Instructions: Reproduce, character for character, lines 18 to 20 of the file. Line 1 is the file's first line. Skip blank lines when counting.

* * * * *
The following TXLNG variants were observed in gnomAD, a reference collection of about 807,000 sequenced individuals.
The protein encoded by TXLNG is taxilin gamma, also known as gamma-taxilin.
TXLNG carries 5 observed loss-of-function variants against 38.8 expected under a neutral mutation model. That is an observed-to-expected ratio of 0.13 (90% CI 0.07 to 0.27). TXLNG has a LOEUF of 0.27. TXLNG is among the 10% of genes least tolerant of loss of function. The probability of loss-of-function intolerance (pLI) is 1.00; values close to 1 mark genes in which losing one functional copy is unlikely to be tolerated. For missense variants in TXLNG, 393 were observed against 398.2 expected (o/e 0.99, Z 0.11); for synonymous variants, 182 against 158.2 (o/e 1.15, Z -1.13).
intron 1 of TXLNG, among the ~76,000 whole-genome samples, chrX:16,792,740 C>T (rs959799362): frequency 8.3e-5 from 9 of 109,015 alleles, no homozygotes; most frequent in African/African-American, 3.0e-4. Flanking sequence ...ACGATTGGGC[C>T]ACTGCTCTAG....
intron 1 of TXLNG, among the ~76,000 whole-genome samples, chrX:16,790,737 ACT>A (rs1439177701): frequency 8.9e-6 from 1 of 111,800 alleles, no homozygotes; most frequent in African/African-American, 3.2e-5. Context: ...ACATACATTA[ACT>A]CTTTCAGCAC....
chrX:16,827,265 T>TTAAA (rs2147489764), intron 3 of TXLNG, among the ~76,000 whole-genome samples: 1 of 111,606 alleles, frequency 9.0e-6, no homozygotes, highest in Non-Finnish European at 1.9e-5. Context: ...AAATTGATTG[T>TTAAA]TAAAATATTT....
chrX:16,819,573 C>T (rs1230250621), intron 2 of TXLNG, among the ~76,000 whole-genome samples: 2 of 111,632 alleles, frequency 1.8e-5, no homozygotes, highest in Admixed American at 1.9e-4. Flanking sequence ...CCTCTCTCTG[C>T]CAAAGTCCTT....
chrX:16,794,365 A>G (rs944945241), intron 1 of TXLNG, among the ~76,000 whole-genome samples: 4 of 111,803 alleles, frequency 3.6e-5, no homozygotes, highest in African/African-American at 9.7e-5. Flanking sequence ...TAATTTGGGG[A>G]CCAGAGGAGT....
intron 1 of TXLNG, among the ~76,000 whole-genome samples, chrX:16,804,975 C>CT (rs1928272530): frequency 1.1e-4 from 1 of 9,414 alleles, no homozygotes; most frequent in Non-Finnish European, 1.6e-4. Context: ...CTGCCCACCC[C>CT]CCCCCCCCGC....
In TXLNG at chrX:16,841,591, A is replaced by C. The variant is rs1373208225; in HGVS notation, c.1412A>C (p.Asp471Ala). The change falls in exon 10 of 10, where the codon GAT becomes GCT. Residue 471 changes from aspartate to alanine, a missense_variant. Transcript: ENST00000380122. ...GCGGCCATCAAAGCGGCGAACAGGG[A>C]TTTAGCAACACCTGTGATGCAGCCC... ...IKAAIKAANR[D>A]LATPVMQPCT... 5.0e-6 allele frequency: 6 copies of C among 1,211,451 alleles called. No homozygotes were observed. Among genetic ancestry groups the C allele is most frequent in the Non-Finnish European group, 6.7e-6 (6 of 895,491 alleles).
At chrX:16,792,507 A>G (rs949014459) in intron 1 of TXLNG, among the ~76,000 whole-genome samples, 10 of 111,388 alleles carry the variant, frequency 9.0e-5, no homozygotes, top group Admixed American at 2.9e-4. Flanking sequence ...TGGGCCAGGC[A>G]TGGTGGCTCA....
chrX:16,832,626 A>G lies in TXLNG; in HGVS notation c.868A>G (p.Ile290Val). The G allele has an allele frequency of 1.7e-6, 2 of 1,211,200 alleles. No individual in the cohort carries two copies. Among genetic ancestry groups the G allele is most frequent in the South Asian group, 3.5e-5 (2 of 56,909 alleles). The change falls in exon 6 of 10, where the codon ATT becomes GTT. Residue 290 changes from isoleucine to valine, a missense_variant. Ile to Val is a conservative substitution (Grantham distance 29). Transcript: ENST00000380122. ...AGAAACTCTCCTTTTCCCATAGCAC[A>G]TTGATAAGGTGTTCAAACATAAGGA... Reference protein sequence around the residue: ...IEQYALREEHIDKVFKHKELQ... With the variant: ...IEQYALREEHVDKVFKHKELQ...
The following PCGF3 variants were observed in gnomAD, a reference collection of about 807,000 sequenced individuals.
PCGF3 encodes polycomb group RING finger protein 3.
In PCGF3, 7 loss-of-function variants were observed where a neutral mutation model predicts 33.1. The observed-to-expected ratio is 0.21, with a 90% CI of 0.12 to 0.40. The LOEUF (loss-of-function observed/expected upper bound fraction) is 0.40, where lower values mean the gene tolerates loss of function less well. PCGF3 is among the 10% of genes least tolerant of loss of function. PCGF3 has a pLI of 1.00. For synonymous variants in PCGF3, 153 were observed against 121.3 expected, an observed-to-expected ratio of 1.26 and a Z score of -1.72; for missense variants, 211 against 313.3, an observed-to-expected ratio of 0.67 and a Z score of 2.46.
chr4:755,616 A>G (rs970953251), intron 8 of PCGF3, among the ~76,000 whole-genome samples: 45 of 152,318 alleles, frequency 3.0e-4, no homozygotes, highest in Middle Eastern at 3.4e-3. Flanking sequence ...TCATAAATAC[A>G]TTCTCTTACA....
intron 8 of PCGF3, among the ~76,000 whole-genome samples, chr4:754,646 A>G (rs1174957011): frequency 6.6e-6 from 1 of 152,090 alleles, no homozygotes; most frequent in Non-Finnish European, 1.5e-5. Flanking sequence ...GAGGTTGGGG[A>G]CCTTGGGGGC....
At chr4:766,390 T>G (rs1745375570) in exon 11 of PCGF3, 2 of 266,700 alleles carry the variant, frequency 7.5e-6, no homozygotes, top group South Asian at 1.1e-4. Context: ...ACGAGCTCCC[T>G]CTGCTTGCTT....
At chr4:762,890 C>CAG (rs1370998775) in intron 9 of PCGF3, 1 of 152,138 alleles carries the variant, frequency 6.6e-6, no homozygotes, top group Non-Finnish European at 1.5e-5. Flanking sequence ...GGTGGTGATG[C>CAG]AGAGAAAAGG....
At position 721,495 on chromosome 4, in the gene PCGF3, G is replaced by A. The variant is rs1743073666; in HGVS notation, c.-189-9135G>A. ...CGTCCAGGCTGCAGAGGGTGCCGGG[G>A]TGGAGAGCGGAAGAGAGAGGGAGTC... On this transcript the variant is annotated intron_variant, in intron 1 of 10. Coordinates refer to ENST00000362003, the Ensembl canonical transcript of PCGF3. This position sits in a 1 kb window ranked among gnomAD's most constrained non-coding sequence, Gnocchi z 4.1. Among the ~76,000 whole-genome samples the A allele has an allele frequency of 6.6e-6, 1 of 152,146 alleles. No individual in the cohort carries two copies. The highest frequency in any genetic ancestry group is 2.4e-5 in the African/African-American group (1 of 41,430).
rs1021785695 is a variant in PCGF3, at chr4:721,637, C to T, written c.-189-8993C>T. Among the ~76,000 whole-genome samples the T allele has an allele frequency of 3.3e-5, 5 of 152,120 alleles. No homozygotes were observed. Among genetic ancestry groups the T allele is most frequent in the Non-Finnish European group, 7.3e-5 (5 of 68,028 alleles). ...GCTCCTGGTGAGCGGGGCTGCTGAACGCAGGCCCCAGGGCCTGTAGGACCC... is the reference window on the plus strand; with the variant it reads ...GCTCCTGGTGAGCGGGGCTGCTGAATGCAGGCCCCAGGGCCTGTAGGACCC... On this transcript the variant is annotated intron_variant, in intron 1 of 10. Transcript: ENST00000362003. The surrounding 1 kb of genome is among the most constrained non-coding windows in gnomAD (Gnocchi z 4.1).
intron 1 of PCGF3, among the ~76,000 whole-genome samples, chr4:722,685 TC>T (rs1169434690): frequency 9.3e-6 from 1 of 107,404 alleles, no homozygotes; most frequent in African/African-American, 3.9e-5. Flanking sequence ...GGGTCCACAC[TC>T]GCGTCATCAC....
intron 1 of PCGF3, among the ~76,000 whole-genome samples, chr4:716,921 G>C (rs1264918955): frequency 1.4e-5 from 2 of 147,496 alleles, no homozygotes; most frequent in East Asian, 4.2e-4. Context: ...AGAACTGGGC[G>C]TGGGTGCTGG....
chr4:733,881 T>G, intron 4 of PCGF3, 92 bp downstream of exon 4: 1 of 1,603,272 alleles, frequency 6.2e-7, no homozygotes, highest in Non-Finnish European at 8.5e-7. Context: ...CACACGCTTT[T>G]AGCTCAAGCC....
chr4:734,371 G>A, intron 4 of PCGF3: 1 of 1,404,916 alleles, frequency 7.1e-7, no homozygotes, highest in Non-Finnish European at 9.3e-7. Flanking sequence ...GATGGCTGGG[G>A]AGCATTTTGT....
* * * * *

At chr4:766,390 T>G (rs1745375570) in exon 11 of PCGF3, 2 of 266,700 alleles carry the variant, frequency 7.5e-6, no homozygotes, top group South Asian at 1.1e-4. Context: ...ACGAGCTCCC[T>G]CTGCTTGCTT....
At chr4:762,890 C>CAG (rs1370998775) in intron 9 of PCGF3, 1 of 152,138 alleles carries the variant, frequency 6.6e-6, no homozygotes, top group Non-Finnish European at 1.5e-5. Flanking sequence ...GGTGGTGATG[C>CAG]AGAGAAAAGG....
At position 721,495 on chromosome 4, in the gene PCGF3, G is replaced by A. The variant is rs1743073666; in HGVS notation, c.-189-9135G>A. ...CGTCCAGGCTGCAGAGGGTGCCGGG[G>A]TGGAGAGCGGAAGAGAGAGGGAGTC... On this transcript the variant is annotated intron_variant, in intron 1 of 10. Coordinates refer to ENST00000362003, the Ensembl canonical transcript of PCGF3. This position sits in a 1 kb window ranked among gnomAD's most constrained non-coding sequence, Gnocchi z 4.1. Among the ~76,000 whole-genome samples the A allele has an allele frequency of 6.6e-6, 1 of 152,146 alleles. No individual in the cohort carries two copies. The highest frequency in any genetic ancestry group is 2.4e-5 in the African/African-American group (1 of 41,430).